Minority Voice?

This “Your Views” letter to the editor appeared in the Scottsdale Republic Friday 30 March:

Minority voice nixed Plan

Bullfrogs sit on lily pads, making loud bellowing sounds, trying to attract something, usually a mate.

Some political bloggers, pundits and Scottsdale Council members imitate a bullfrog in many ways. Saying the General Plan update (defeated at the ballot box) does not reflect the residents’ vision of Scottsdale is bull frogging.

To understand the loud noise: The city reported that 59 percent of the population, or 140,168 people, were registered voters in the 2010 general election. The voter count for the Proposition 430 election totaled 26,922, or 19.2 percent of the city’s registered voters.

That means 9.9 percent of the registered voters took exception to the General Plan update. This minuscule percentage hardly qualifies as “residents of Scottsdale” have spoken. We’re likely to hear more bull frogging, unfortunately, between April and November!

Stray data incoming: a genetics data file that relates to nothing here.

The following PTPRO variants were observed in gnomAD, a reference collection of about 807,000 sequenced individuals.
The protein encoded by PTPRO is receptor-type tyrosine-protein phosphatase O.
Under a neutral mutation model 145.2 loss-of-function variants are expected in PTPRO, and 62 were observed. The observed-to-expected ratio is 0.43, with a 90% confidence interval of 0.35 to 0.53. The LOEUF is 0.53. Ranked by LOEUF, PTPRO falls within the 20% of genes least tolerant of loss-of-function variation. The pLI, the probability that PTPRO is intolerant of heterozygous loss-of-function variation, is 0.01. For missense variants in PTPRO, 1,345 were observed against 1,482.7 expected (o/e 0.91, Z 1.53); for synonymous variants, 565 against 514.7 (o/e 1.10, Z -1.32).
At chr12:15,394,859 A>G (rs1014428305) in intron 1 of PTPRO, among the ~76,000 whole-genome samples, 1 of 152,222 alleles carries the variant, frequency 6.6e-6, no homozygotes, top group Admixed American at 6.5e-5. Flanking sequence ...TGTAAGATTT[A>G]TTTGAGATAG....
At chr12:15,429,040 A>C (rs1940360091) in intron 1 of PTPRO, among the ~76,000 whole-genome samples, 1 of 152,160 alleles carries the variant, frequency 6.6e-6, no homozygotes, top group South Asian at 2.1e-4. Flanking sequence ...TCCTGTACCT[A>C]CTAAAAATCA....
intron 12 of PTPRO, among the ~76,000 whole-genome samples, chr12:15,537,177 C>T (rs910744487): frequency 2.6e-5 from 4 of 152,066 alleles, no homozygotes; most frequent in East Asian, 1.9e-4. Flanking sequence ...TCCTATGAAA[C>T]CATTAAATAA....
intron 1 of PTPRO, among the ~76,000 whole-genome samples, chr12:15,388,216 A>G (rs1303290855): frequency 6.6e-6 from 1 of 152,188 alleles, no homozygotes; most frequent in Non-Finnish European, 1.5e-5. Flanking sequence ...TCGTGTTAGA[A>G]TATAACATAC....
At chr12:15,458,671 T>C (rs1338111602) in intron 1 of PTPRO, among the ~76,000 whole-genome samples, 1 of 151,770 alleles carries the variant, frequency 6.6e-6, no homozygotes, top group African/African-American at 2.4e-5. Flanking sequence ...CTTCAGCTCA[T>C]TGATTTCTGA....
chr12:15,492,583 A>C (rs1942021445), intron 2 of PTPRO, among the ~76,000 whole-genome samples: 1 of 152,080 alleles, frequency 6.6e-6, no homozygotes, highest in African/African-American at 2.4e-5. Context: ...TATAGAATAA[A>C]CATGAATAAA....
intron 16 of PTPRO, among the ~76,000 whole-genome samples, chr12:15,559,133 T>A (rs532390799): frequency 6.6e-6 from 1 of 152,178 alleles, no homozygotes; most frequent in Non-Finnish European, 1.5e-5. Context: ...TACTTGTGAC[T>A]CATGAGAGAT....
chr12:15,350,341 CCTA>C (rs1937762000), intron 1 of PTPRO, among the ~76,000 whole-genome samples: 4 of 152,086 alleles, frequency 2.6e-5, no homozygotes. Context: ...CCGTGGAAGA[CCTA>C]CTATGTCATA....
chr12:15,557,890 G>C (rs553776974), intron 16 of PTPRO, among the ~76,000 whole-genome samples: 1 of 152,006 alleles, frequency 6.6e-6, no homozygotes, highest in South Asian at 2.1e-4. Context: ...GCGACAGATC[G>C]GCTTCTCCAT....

— Diana Moorman, Scottsdale

Aside from the fact that Ms. Moorman obviously graduated from the Erik Filsinger school of “The Voters Got It Wrong,” her rhetoric denies the fact that this is the way democracy works. It also denies the fact that the voters who supported the General Plan changes were an even SMALLER percentage of the residents of Scottsdale.

Beyond that, a not-insignificant percentage of our population isn’t registered to vote because they aren’t old enough to vote.

Proposition 430 was defeated by a majority of votes cast. The rules are the rules and if they’d worked more in her favor, Ms. Moorman might have been doing some bullfrogging of her own. Unfortunately, she got gigged instead.

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  1. John:

    I don’t think the defeat of Prop 430 gives us any indication of what the majority of Scottsdale residents think. Two very small minorities of Scottsdale voters offered their opinions and those that opposed Prop 430 were in the majority. The lesson for everyone should be to get and vote!


    P.S. Note the use of “voter” versus “resident.”

    1. Ms. Moorman would seem to share that opinion, and you both have a valid point. However, I’d much rather the people educate themselves on the issues BEFORE they vote!
      I have no doubt that if more of the pro-430 voters really understood what was going on, more would have voted against it.
      But, as with every election, apathy isn’t a reason to change the result.

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